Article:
Accordingly, taking strong exception to alleged violation of its orders on dumping of debris of four-laning of Srinagar-Jammu highway from Udhampur to Ramban, the National Green Tribunal (NGT) has issued show-cause notices to local sub-contractors, and sought personal appearance of sub-contractors and issued show-cause notices to them.

The Tribunal Qoram including its chairperson Justice Swatantar Kumar, judicial member Justice Raghuvendra  S Rathore, and expert member Ajay A Deshpande on December 7 2016 heard the case titled Amresh Singh v/s Union of India and others.

Advocates Swarn Kishore Singh and Muhammad Yousuf listed the application before the tribunal for hearing.

After listening to the applicants and respondents in the case, the NGT issued notice to local sub-contractors, who were also present in person, asking them to show-cause why they should not be directed to retain in (sic) civil imprisonment and why their property shouldn’t be attached for frequent violations of the Tribunal guidelines.

The NGT also directed Secretary, Environment and Forests, Jammu and Kashmir, Managing Director NHAI, responsible officer from MoEF to file their affidavits in the case.

In a fresh application Singh has alleged that after the initial order was passed by the tribunal, the dumping of muck and debris was stalled for a month. However, such indiscriminate dumping in the two rivers has started again. The plea filed through Swan Kishore Singh, said that the work has started in a reckless manner. The petitioner has alleged that ‘State of Pollution’ on the high way was such that sometimes even during the day vehicles have to switch on their headlights to see through the dusty road.

The National Green Tribunal has directed Jammu and Kashmir government and state pollution control board to test samples of ambient air quality in the entire construction stretch of Udhampur-Banihal highway after a plea alleged air pollution in the area.

A bench headed by NGT Chairperson Justice Swatanter Kumar asked the state environment department and Jammu & Kashmir Pollution Control Board to submit joint status report and apprise it whether the conditions stipulated in the environmental clearance granted to project proponents were being adhered to or not.

The bench in its order dated Jan 5, 2017 ordered “In the meantime, we direct the Jammu & Kashmir State Pollution Control Board and the Department of Environment of the State government to submit a joint status report to the analysis of the ambient air quality in the entire construction stretch when the work is going on.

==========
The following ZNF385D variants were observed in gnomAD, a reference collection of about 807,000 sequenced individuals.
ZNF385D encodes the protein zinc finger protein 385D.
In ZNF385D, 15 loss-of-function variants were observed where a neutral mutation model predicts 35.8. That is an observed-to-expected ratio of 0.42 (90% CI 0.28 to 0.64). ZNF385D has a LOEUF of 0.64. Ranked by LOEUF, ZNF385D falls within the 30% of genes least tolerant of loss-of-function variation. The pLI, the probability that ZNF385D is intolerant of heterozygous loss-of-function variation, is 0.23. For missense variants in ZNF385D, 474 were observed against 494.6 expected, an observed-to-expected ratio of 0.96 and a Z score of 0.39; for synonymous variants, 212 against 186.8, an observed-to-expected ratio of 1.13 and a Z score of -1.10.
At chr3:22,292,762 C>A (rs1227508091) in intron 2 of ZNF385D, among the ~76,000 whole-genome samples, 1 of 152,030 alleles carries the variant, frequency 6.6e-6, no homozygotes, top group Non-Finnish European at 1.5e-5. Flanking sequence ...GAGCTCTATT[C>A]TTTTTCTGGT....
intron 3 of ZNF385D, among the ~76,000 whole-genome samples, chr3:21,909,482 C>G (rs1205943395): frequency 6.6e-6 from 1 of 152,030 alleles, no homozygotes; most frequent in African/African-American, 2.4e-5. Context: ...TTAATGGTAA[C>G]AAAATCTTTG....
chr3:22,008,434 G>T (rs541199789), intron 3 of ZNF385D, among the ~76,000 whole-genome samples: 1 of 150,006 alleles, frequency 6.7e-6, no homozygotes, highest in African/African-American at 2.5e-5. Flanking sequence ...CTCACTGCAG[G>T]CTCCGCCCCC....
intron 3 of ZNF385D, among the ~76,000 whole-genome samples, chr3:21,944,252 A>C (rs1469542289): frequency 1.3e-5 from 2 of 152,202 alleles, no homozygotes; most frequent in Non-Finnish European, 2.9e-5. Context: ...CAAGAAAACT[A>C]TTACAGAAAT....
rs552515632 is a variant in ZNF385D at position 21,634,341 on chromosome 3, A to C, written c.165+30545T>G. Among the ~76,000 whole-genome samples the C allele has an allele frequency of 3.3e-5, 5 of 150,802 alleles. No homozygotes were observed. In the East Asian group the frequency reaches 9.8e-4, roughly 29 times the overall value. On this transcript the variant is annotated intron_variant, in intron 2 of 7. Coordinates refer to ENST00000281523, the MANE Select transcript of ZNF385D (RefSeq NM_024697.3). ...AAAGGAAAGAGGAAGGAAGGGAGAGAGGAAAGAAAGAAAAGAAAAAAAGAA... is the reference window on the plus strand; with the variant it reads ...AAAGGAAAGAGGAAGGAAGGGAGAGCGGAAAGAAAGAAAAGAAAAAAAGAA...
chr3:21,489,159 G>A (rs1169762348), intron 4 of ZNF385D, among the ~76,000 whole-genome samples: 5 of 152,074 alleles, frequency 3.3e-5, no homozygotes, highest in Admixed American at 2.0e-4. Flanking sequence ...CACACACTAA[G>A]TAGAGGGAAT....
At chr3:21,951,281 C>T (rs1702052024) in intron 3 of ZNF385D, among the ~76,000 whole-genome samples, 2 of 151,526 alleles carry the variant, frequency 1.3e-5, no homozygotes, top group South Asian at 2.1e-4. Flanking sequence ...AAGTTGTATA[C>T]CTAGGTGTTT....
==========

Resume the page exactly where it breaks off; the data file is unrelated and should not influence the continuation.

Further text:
The samples should be collected at least on three different occasions and a composite analysis report should be submitted to the tribunal. The team will also offer its comments as to whether  the environment clearance granted to the project proponent is being adhered to strictly and whether it has also provided for all the measures to be taken for the protection of air pollution and pollution of river Tawi and Chenab.’

In response to the said NGT order the State Pollution Control Board carried out the recording of ambient air condition at different locations along the Udhampur-Banihal stretch which revealed that respirable suspended particulate matter (RSPM) levels in the air are much higher from the prescribed permissible norms of 100 ug/m3.

In its interpretation Dr Bilquees Siddiqui, Scientist-C of State Pollution Control Board said that such higher levels of RSPM can cause multiple health problem among the people exposed to such environmental conditions. According to her the dust particles can penetrate through lungs and find way to blood stream which has the cumulative effect resulting in carcinogenic effects as well as can cause other respirative ailments.  

In yet another order dated January 18, 2018, the National Green Tribunal appointed a committee to inspect the status of dumping of soil in Chenab and Tawi rivers for construction on a stretch of Udhampur-Banihal highway in Jammu and Kashmir.

In this connection a bench headed by acting Chairperson NGT, Justice U D Salvi constituted a committee comprising a senior scientist from the Central Soil and Water Conservation Research and Training Institute, Central Pollution Control Board, Ministry of Environment and Forests and Shimla-based Himalayan Forest Research Institute.

It can be hoped that an earnest action by the NGT in this case can prove a milestone by restricting the executing agencies from violating the set norms, degrading the general environment and playing with the lives of the innocent people involved directly or indirectly. One can also hope that the set engineering practices and procedures are followed strictly while cutting the environmentally fragile forests and mountains for expansion of the highway.

Dr Zulfikar Siddqui is an engineer by profession